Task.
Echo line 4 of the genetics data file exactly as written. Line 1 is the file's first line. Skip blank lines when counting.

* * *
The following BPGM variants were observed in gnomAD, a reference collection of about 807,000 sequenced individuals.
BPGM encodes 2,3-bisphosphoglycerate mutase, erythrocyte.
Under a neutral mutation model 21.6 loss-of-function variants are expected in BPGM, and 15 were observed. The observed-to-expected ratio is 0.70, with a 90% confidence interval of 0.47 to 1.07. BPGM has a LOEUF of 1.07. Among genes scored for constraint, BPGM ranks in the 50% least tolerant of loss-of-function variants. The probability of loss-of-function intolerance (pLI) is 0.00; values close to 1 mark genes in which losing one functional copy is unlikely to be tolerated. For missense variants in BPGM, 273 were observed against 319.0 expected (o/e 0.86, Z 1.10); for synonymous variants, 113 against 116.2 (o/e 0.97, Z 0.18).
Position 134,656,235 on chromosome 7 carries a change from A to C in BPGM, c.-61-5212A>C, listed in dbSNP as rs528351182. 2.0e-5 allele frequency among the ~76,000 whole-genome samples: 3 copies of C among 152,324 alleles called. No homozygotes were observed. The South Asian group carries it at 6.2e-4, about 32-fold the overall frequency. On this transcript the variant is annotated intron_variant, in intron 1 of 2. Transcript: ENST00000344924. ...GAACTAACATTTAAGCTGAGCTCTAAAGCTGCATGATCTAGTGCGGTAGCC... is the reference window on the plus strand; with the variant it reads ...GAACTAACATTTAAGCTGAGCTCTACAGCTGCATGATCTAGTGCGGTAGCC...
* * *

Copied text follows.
Position 134,656,235 on chromosome 7 carries a change from A to C in BPGM, c.-61-5212A>C, listed in dbSNP as rs528351182. 2.0e-5 allele frequency among the ~76,000 whole-genome samples: 3 copies of C among 152,324 alleles called. No homozygotes were observed. The South Asian group carries it at 6.2e-4, about 32-fold the overall frequency. On this transcript the variant is annotated intron_variant, in intron 1 of 2. Transcript: ENST00000344924. ...GAACTAACATTTAAGCTGAGCTCTAAAGCTGCATGATCTAGTGCGGTAGCC... is the reference window on the plus strand; with the variant it reads ...GAACTAACATTTAAGCTGAGCTCTACAGCTGCATGATCTAGTGCGGTAGCC...